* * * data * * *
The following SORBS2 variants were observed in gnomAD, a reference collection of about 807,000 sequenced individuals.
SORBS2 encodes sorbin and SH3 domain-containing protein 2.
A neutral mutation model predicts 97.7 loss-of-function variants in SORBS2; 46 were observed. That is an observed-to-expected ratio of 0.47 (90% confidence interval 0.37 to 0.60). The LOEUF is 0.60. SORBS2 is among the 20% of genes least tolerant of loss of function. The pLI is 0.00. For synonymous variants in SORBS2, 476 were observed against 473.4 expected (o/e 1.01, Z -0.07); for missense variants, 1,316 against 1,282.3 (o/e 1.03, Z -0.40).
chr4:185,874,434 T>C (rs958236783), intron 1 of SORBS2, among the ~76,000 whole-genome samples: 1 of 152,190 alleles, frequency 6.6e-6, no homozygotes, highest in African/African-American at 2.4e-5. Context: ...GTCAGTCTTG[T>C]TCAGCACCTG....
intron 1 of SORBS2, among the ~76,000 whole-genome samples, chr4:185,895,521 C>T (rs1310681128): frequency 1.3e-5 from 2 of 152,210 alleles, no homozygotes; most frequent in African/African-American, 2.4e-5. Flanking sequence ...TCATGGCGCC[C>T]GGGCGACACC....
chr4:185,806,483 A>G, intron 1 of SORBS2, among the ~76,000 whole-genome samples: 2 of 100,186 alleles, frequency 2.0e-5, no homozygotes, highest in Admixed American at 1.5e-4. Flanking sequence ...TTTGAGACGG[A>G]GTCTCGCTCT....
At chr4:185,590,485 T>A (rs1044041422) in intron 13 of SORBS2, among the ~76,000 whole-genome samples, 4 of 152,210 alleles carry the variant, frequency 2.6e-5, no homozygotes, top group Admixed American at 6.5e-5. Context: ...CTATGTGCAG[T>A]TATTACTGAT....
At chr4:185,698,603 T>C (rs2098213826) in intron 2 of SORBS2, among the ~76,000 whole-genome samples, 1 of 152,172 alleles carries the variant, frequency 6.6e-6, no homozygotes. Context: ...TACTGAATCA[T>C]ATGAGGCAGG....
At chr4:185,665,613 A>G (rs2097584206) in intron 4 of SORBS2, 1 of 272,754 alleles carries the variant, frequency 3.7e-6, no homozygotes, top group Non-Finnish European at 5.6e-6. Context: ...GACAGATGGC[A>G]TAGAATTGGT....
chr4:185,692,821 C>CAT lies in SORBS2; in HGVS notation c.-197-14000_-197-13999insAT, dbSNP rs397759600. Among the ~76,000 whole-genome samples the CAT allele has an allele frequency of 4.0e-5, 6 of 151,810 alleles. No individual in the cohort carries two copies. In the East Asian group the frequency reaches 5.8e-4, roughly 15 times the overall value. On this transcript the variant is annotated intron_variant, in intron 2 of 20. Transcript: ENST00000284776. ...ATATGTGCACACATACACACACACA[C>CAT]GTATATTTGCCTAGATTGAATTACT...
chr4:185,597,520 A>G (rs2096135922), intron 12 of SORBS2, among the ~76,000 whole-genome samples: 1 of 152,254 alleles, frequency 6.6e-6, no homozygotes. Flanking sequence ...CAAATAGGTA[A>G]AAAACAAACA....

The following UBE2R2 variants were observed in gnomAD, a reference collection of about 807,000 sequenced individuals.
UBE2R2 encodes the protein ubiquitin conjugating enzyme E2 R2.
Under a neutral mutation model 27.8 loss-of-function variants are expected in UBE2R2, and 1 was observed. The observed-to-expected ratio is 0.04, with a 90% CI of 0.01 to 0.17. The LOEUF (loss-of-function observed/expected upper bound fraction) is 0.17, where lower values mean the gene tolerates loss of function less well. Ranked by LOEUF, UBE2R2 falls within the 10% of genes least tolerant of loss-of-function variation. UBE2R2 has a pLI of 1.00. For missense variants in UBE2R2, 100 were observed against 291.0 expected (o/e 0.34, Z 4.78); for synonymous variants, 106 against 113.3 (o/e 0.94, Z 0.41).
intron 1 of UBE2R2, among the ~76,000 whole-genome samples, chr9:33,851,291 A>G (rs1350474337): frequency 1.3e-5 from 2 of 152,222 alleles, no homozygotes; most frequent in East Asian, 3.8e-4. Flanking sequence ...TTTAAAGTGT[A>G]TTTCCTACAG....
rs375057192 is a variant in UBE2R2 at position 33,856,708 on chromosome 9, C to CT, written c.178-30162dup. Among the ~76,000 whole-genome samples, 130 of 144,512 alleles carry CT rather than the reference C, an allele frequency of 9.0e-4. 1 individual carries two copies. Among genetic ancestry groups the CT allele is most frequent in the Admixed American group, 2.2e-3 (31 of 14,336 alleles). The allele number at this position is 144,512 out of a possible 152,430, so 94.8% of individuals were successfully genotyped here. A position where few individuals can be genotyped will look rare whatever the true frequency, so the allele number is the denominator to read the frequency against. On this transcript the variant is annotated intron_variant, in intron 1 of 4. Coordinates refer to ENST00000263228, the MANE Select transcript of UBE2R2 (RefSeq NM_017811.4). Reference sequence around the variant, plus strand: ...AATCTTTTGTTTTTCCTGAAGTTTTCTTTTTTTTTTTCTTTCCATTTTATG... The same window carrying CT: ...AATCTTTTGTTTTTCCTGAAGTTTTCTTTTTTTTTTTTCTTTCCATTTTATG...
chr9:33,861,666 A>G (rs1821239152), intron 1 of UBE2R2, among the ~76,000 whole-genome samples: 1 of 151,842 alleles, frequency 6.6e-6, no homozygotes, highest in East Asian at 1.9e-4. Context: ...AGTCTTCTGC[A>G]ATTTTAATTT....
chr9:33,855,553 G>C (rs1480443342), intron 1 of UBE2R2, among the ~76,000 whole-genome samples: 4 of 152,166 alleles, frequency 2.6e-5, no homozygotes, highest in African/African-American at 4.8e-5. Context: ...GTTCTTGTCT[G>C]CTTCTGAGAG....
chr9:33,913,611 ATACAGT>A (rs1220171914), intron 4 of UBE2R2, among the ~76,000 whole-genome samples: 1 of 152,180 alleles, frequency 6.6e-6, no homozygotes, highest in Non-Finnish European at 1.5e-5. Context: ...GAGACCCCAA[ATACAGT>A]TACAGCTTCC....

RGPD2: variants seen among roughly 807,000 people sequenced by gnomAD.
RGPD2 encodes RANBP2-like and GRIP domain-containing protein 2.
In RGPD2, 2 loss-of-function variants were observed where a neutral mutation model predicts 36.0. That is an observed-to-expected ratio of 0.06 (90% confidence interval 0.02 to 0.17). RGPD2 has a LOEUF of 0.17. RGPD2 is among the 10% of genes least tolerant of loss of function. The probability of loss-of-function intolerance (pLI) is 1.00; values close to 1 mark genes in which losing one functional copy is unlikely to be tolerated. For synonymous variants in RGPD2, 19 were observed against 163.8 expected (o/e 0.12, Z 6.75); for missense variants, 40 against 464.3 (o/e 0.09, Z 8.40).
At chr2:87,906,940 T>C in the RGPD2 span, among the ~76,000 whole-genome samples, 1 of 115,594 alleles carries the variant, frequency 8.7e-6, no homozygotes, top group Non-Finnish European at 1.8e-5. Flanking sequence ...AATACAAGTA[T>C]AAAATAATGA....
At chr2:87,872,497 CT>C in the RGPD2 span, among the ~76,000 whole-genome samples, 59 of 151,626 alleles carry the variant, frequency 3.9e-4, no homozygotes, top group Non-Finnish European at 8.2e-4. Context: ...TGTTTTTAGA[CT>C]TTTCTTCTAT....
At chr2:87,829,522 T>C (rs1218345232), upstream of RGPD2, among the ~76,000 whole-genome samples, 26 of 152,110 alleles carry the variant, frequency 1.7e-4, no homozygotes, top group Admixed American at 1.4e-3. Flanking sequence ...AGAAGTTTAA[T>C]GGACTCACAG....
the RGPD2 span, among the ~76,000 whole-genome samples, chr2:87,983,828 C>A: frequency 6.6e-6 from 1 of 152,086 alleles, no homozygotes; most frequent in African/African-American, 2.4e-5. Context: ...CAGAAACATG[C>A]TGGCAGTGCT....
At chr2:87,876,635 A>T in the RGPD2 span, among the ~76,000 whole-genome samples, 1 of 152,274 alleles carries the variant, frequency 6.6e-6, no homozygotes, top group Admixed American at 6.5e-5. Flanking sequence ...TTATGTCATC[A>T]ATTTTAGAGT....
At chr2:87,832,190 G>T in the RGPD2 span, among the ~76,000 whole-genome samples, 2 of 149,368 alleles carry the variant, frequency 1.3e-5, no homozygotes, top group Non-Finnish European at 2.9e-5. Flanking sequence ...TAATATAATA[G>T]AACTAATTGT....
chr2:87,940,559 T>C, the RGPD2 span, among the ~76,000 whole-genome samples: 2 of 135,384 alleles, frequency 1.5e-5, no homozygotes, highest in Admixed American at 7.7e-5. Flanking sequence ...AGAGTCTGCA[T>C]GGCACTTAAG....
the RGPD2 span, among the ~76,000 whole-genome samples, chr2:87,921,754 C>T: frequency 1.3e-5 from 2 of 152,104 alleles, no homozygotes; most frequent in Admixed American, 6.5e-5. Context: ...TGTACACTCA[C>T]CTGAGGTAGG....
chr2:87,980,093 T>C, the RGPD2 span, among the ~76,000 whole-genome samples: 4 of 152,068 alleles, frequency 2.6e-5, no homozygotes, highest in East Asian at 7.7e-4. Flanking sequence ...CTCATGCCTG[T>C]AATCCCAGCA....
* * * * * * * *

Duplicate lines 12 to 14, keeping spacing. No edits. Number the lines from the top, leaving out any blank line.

The following UBE2R2 variants were observed in gnomAD, a reference collection of about 807,000 sequenced individuals.
UBE2R2 encodes the protein ubiquitin conjugating enzyme E2 R2.
Under a neutral mutation model 27.8 loss-of-function variants are expected in UBE2R2, and 1 was observed. The observed-to-expected ratio is 0.04, with a 90% CI of 0.01 to 0.17. The LOEUF (loss-of-function observed/expected upper bound fraction) is 0.17, where lower values mean the gene tolerates loss of function less well. Ranked by LOEUF, UBE2R2 falls within the 10% of genes least tolerant of loss-of-function variation. UBE2R2 has a pLI of 1.00. For missense variants in UBE2R2, 100 were observed against 291.0 expected (o/e 0.34, Z 4.78); for synonymous variants, 106 against 113.3 (o/e 0.94, Z 0.41).